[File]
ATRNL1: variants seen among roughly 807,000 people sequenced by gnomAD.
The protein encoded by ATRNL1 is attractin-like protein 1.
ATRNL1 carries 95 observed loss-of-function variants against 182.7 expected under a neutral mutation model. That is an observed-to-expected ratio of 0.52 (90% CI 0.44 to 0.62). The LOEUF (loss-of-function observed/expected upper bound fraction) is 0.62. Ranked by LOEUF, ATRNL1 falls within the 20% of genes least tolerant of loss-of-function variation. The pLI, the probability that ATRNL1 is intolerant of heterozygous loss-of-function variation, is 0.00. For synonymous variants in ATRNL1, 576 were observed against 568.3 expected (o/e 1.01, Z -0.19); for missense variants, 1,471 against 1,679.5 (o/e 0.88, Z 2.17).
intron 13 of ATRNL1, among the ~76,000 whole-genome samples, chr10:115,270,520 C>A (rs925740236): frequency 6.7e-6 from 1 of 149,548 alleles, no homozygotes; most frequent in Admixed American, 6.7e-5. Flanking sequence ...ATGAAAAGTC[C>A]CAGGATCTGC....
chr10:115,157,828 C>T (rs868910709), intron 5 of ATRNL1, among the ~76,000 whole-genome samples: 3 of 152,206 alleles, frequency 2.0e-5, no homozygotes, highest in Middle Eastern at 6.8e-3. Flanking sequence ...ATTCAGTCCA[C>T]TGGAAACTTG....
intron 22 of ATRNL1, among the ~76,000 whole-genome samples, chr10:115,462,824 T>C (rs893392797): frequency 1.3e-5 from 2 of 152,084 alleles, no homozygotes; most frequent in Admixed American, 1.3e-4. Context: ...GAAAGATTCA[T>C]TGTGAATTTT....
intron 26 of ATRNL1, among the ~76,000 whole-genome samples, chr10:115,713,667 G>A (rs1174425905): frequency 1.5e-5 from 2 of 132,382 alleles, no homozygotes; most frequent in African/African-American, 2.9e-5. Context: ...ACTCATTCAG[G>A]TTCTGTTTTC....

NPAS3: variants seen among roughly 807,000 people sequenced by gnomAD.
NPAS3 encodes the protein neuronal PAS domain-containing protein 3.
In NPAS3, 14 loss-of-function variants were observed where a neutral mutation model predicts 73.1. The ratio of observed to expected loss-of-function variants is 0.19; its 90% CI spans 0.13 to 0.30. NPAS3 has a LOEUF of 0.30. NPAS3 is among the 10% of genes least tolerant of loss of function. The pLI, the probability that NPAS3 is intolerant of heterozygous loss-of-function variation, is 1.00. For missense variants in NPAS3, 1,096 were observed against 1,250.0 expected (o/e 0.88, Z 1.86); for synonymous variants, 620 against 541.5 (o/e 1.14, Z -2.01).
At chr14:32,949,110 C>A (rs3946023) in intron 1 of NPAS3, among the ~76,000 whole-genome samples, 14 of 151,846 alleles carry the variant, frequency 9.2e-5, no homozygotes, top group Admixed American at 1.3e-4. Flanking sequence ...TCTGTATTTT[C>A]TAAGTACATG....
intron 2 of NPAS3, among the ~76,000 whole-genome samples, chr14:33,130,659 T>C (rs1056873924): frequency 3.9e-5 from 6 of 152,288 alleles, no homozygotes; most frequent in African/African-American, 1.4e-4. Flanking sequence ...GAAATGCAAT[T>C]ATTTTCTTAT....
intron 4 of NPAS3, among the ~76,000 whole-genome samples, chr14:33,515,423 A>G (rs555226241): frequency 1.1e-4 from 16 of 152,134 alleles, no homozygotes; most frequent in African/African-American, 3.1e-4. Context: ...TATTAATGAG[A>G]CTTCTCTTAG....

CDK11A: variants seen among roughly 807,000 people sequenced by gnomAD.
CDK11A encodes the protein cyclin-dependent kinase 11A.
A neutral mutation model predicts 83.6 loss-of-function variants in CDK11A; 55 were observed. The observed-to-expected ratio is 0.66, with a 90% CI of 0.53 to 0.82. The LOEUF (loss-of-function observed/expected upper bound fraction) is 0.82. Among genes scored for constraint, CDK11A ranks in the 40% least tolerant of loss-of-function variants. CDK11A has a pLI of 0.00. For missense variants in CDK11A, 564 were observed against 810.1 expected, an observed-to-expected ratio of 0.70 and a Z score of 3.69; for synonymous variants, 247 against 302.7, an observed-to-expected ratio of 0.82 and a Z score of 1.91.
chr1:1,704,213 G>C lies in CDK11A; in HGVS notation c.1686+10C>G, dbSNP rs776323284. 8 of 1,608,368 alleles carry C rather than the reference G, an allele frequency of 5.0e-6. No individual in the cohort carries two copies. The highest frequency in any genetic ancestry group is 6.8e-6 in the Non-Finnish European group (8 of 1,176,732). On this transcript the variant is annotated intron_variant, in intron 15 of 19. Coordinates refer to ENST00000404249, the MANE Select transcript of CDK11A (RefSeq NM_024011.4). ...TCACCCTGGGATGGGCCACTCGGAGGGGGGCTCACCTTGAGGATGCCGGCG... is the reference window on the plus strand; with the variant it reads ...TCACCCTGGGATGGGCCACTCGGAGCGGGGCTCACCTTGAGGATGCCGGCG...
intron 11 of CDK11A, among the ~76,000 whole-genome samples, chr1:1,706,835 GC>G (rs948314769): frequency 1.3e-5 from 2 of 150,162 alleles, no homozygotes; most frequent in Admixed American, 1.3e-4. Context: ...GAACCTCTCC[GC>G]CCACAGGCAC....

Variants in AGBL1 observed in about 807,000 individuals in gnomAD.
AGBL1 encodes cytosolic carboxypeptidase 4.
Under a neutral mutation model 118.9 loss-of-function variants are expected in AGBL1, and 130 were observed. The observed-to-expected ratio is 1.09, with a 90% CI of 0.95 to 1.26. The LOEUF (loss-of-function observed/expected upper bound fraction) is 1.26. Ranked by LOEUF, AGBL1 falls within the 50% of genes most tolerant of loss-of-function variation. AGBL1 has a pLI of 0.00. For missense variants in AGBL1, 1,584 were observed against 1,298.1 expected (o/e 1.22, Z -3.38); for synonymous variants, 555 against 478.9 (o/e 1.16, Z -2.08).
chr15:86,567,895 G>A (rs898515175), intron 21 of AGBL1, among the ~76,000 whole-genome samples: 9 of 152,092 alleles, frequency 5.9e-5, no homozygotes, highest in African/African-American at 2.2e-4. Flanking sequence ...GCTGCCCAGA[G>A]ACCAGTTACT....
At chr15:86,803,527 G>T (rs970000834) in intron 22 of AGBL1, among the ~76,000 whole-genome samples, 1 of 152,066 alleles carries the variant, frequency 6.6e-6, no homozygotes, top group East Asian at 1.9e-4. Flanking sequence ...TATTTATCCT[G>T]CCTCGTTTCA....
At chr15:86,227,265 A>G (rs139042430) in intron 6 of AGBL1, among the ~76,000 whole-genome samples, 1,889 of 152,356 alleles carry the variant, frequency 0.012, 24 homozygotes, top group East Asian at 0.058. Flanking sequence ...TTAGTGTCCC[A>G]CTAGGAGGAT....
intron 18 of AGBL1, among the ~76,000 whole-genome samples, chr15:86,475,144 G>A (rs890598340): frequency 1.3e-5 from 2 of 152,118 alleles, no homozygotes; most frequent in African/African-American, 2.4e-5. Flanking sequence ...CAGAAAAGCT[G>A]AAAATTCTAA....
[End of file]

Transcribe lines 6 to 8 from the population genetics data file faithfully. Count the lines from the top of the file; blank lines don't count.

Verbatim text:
intron 22 of ATRNL1, among the ~76,000 whole-genome samples, chr10:115,462,824 T>C (rs893392797): frequency 1.3e-5 from 2 of 152,084 alleles, no homozygotes; most frequent in Admixed American, 1.3e-4. Context: ...GAAAGATTCA[T>C]TGTGAATTTT....
intron 26 of ATRNL1, among the ~76,000 whole-genome samples, chr10:115,713,667 G>A (rs1174425905): frequency 1.5e-5 from 2 of 132,382 alleles, no homozygotes; most frequent in African/African-American, 2.9e-5. Context: ...ACTCATTCAG[G>A]TTCTGTTTTC....

NPAS3: variants seen among roughly 807,000 people sequenced by gnomAD.